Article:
Will the Tour de France be able to overcome Lance's legacy?
The Tour de France announced this year’s route today. Despite the revelations about Lance Armstrong's now-vacated victories, organizers believe that the event will retain its appeal.
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“There is no doubt that this … is the biggest crisis cycling has ever faced,” UCI President Pat McQuaid said Monday, accepting the USADA report that Armstrong had been at the center of “a massive team doping scheme, more extensive than any previously revealed in professional sports history.”Skip to next paragraph
In Pictures Lance Armstrong: a tarnished legacy
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Mr. McQuaid recalled past drug scandals, however, and pointed out that “this is not the first time that cycling has reached a crossroads or that it has had to begin anew.” He insisted that “cycling has a future.”
What role the UCI will play in that future, however, is still uncertain. The international body is responsible for both promoting the sport and for policing it – improving its image and catching its cheats.
“That’s a toxic combination under one roof,” argues Ryan Newill, a columnist for “Velo” magazine in the US. “The fox is guarding the henhouse.”
Were Armstrong and cycling officials in cahoots?
The USADA report, along with French drug testers, has even raised suspicions that UCI officials were in league with Armstrong, giving him advance warning of tests so that he could manipulate the results.
“All drug tests must be done only by organizations completely independent of the cycling federations,” insists Cyrille Guimart, a sprinter who won seven Tour de France stages in his career.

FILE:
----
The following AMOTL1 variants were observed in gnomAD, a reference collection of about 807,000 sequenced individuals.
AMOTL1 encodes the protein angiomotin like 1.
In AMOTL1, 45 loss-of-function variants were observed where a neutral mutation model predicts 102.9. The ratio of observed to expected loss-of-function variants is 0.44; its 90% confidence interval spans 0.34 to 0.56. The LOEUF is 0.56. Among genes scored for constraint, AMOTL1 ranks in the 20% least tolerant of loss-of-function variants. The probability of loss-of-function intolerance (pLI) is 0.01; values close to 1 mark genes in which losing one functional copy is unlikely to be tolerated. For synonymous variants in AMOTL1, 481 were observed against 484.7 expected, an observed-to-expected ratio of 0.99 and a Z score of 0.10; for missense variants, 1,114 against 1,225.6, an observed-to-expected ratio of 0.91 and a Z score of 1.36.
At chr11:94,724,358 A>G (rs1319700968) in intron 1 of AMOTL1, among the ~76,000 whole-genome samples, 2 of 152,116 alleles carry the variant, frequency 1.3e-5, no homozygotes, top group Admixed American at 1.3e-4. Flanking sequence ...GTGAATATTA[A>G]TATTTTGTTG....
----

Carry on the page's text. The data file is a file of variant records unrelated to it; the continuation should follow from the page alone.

That is a commonly held view amongst reformers, but UCI leaders do not appear to share it. Asked Monday whether the organization should split up its regulatory and promotional roles, McQuaid replied, “I don’t see why we should.”
“I see very little way forward with the folks and structures in place at the moment,” worries Mr. Newill.
That might mean that Amaury Sports Organization, the company that owns and organizes the Tour de France, will have to take its own measures, suggests Madiot, whose team regularly contests the Tour. Until now, as part of the UCI-run “Pro Tour” series of events, the Tour de France has accepted all the riders and teams that the UCI has presented it with, regardless of their doping history or reputation.
“The Tour de France is strong enough to say no if it wants to,” says Madiot. “It should refuse to accept teams with a bad reputation.”
The future of cycling
“There can be changes in cycling if the Tour de France takes the right decisions,” agrees Mr. Guimart. “If they don’t, they will be missing an opportunity, and if they do that they will bear responsibility for the degradation that will follow.”
Already, the signs of that possible future can be discerned.
Michel and Sylvie Rochefort had brought their young charges from the Bois d’Arcy junior cycling club, outside Paris, to Wednesday’s ceremony because “the Tour de France makes the kids dream,” says Mr. Rochefort.
But their small amateur club is not thriving. “This year we had no new members,” explains Ms. Rochefort. “Parents don’t want their children to get involved with cycling because of the doping image.”
“The doping stain on cycling may not hurt the Tour de France,” adds her husband. “But it is penalizing amateur cycling a lot.”